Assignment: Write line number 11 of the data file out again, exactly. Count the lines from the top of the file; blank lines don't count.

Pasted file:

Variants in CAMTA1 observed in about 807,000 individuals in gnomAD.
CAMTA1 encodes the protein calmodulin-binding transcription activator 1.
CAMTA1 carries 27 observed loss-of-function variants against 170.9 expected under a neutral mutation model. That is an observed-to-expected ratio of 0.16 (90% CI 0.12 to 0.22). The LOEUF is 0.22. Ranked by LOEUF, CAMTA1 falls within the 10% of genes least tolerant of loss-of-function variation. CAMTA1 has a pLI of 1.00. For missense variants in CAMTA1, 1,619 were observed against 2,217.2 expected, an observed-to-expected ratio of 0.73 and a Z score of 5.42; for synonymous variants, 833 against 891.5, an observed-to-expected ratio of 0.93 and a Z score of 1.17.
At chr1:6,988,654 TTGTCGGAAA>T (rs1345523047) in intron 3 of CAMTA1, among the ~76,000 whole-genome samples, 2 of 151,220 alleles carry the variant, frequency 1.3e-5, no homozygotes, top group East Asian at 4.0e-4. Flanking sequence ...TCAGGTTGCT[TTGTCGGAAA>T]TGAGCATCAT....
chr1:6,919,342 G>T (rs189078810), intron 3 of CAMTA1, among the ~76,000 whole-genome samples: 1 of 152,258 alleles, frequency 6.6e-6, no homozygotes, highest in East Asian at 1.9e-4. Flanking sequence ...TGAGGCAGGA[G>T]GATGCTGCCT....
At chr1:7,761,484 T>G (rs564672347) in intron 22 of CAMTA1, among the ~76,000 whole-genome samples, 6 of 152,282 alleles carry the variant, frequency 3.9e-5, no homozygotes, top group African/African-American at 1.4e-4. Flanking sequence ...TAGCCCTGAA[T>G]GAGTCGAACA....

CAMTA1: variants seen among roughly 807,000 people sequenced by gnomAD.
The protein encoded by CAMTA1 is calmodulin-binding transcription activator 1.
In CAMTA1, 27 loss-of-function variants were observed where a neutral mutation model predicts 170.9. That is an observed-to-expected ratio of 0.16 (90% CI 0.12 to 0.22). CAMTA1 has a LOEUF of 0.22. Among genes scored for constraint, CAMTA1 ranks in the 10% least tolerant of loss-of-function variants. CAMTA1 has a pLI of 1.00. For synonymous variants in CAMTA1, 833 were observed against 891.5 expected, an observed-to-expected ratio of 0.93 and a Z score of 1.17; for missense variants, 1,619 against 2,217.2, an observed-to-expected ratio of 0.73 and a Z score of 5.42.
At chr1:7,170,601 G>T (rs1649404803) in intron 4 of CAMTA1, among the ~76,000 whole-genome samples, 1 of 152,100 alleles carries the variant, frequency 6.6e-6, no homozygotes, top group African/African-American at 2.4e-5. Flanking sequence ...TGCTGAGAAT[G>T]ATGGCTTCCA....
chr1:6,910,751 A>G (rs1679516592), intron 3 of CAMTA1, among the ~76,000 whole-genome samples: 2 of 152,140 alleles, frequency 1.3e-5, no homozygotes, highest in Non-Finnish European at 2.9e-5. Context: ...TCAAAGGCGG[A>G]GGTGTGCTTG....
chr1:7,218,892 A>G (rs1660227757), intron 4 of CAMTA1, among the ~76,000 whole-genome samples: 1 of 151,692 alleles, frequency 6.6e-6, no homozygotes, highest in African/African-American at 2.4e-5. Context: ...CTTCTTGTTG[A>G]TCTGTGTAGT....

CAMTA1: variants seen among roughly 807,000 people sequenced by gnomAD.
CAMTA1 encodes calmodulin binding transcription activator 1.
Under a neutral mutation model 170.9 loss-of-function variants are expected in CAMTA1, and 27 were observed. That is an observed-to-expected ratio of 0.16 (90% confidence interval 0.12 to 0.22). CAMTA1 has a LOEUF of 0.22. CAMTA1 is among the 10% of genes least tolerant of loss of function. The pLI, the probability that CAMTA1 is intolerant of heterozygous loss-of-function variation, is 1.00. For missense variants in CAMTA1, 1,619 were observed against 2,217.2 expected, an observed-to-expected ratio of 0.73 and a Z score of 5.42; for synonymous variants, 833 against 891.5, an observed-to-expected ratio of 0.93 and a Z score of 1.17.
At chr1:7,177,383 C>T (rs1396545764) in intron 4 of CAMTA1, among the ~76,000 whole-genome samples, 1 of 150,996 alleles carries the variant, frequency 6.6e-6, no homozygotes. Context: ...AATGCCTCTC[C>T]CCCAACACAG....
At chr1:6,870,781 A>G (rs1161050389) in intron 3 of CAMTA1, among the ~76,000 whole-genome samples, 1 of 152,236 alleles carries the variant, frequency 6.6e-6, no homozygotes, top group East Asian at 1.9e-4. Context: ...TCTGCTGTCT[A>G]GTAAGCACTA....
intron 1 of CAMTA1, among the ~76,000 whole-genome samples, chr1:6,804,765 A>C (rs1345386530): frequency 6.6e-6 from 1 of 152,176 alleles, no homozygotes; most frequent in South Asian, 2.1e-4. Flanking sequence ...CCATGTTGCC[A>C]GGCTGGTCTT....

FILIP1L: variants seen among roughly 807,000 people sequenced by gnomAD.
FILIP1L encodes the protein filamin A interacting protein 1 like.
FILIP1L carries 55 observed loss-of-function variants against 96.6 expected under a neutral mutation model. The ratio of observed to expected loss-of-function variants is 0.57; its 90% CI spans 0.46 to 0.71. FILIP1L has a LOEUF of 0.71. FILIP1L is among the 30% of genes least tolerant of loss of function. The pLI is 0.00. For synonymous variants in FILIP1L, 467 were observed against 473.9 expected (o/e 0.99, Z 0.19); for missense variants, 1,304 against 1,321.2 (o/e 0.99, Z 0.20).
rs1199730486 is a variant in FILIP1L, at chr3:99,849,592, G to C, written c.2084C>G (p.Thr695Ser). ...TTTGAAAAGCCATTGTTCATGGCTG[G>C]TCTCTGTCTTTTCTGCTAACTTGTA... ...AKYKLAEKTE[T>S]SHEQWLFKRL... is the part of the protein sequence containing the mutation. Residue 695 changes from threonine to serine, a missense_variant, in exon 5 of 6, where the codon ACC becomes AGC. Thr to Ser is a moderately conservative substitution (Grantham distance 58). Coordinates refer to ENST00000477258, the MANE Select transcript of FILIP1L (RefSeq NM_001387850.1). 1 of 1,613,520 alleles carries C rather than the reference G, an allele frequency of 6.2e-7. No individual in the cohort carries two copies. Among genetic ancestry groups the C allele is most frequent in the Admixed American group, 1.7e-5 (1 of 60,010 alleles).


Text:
chr1:6,910,751 A>G (rs1679516592), intron 3 of CAMTA1, among the ~76,000 whole-genome samples: 2 of 152,140 alleles, frequency 1.3e-5, no homozygotes, highest in Non-Finnish European at 2.9e-5. Context: ...TCAAAGGCGG[A>G]GGTGTGCTTG....